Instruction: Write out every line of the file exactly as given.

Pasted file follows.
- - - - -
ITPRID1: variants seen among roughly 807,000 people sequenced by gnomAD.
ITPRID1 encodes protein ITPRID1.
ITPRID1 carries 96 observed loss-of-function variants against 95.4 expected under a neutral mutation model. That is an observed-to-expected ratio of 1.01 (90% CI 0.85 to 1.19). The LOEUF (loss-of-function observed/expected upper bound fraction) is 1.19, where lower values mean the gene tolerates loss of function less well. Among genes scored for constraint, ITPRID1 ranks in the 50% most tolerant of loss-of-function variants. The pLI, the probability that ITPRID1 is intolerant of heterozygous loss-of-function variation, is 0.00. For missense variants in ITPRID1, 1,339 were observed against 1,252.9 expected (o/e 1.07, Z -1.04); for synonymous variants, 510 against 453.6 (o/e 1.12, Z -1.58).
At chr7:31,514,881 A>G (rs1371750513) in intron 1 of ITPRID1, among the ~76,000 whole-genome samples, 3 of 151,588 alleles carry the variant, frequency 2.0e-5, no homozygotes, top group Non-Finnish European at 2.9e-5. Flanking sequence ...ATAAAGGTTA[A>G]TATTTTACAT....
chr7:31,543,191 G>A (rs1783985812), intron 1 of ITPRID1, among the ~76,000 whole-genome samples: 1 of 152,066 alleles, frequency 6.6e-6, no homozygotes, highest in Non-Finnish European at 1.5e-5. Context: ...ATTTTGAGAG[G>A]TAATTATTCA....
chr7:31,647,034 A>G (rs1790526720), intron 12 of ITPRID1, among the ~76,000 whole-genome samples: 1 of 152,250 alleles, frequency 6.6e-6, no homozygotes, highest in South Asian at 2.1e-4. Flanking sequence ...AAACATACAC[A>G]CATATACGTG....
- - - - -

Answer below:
ITPRID1: variants seen among roughly 807,000 people sequenced by gnomAD.
ITPRID1 encodes protein ITPRID1.
ITPRID1 carries 96 observed loss-of-function variants against 95.4 expected under a neutral mutation model. That is an observed-to-expected ratio of 1.01 (90% CI 0.85 to 1.19). The LOEUF (loss-of-function observed/expected upper bound fraction) is 1.19, where lower values mean the gene tolerates loss of function less well. Among genes scored for constraint, ITPRID1 ranks in the 50% most tolerant of loss-of-function variants. The pLI, the probability that ITPRID1 is intolerant of heterozygous loss-of-function variation, is 0.00. For missense variants in ITPRID1, 1,339 were observed against 1,252.9 expected (o/e 1.07, Z -1.04); for synonymous variants, 510 against 453.6 (o/e 1.12, Z -1.58).
At chr7:31,514,881 A>G (rs1371750513) in intron 1 of ITPRID1, among the ~76,000 whole-genome samples, 3 of 151,588 alleles carry the variant, frequency 2.0e-5, no homozygotes, top group Non-Finnish European at 2.9e-5. Flanking sequence ...ATAAAGGTTA[A>G]TATTTTACAT....
chr7:31,543,191 G>A (rs1783985812), intron 1 of ITPRID1, among the ~76,000 whole-genome samples: 1 of 152,066 alleles, frequency 6.6e-6, no homozygotes, highest in Non-Finnish European at 1.5e-5. Context: ...ATTTTGAGAG[G>A]TAATTATTCA....
chr7:31,647,034 A>G (rs1790526720), intron 12 of ITPRID1, among the ~76,000 whole-genome samples: 1 of 152,250 alleles, frequency 6.6e-6, no homozygotes, highest in South Asian at 2.1e-4. Flanking sequence ...AAACATACAC[A>G]CATATACGTG....